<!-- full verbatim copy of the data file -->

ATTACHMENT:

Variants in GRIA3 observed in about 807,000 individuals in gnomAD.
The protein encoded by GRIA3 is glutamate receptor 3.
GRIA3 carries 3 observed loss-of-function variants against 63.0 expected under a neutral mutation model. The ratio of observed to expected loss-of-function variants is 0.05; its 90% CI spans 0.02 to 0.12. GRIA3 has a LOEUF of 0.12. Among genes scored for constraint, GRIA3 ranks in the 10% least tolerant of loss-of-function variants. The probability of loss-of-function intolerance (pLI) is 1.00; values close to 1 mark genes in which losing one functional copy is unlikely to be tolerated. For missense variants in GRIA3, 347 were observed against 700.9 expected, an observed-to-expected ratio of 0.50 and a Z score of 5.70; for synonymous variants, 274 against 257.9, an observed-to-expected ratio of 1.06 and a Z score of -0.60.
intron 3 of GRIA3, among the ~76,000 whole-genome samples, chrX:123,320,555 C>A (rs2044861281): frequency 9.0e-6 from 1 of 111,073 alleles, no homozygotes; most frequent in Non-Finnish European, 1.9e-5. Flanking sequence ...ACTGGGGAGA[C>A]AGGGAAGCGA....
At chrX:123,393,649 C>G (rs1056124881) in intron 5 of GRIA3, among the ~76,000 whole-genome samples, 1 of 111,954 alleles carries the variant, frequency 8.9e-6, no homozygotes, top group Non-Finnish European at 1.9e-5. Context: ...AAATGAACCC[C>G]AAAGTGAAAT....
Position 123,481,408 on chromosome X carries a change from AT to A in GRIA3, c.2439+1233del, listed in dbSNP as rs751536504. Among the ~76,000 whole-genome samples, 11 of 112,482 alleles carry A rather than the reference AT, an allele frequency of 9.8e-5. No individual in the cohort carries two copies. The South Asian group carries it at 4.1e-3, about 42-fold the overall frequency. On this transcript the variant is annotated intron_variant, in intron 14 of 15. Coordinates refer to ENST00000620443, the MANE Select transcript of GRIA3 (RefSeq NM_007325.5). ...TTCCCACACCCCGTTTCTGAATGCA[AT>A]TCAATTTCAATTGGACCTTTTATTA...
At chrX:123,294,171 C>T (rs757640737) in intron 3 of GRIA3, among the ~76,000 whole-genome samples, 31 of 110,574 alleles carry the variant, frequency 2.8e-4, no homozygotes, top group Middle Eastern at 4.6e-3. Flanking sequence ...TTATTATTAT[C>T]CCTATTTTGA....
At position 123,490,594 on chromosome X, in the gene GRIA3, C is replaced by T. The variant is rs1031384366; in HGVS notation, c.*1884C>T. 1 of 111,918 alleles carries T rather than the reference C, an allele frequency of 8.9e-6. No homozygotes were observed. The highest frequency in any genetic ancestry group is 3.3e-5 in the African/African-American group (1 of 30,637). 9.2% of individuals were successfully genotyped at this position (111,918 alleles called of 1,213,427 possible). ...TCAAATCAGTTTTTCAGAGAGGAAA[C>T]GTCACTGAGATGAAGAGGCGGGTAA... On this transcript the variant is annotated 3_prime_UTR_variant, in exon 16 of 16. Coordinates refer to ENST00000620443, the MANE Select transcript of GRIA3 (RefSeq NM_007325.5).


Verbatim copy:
Variants in GRIA3 observed in about 807,000 individuals in gnomAD.
The protein encoded by GRIA3 is glutamate receptor 3.
GRIA3 carries 3 observed loss-of-function variants against 63.0 expected under a neutral mutation model. The ratio of observed to expected loss-of-function variants is 0.05; its 90% CI spans 0.02 to 0.12. GRIA3 has a LOEUF of 0.12. Among genes scored for constraint, GRIA3 ranks in the 10% least tolerant of loss-of-function variants. The probability of loss-of-function intolerance (pLI) is 1.00; values close to 1 mark genes in which losing one functional copy is unlikely to be tolerated. For missense variants in GRIA3, 347 were observed against 700.9 expected, an observed-to-expected ratio of 0.50 and a Z score of 5.70; for synonymous variants, 274 against 257.9, an observed-to-expected ratio of 1.06 and a Z score of -0.60.
intron 3 of GRIA3, among the ~76,000 whole-genome samples, chrX:123,320,555 C>A (rs2044861281): frequency 9.0e-6 from 1 of 111,073 alleles, no homozygotes; most frequent in Non-Finnish European, 1.9e-5. Flanking sequence ...ACTGGGGAGA[C>A]AGGGAAGCGA....
At chrX:123,393,649 C>G (rs1056124881) in intron 5 of GRIA3, among the ~76,000 whole-genome samples, 1 of 111,954 alleles carries the variant, frequency 8.9e-6, no homozygotes, top group Non-Finnish European at 1.9e-5. Context: ...AAATGAACCC[C>G]AAAGTGAAAT....
Position 123,481,408 on chromosome X carries a change from AT to A in GRIA3, c.2439+1233del, listed in dbSNP as rs751536504. Among the ~76,000 whole-genome samples, 11 of 112,482 alleles carry A rather than the reference AT, an allele frequency of 9.8e-5. No individual in the cohort carries two copies. The South Asian group carries it at 4.1e-3, about 42-fold the overall frequency. On this transcript the variant is annotated intron_variant, in intron 14 of 15. Coordinates refer to ENST00000620443, the MANE Select transcript of GRIA3 (RefSeq NM_007325.5). ...TTCCCACACCCCGTTTCTGAATGCA[AT>A]TCAATTTCAATTGGACCTTTTATTA...
At chrX:123,294,171 C>T (rs757640737) in intron 3 of GRIA3, among the ~76,000 whole-genome samples, 31 of 110,574 alleles carry the variant, frequency 2.8e-4, no homozygotes, top group Middle Eastern at 4.6e-3. Flanking sequence ...TTATTATTAT[C>T]CCTATTTTGA....
At position 123,490,594 on chromosome X, in the gene GRIA3, C is replaced by T. The variant is rs1031384366; in HGVS notation, c.*1884C>T. 1 of 111,918 alleles carries T rather than the reference C, an allele frequency of 8.9e-6. No homozygotes were observed. The highest frequency in any genetic ancestry group is 3.3e-5 in the African/African-American group (1 of 30,637). 9.2% of individuals were successfully genotyped at this position (111,918 alleles called of 1,213,427 possible). ...TCAAATCAGTTTTTCAGAGAGGAAA[C>T]GTCACTGAGATGAAGAGGCGGGTAA... On this transcript the variant is annotated 3_prime_UTR_variant, in exon 16 of 16. Coordinates refer to ENST00000620443, the MANE Select transcript of GRIA3 (RefSeq NM_007325.5).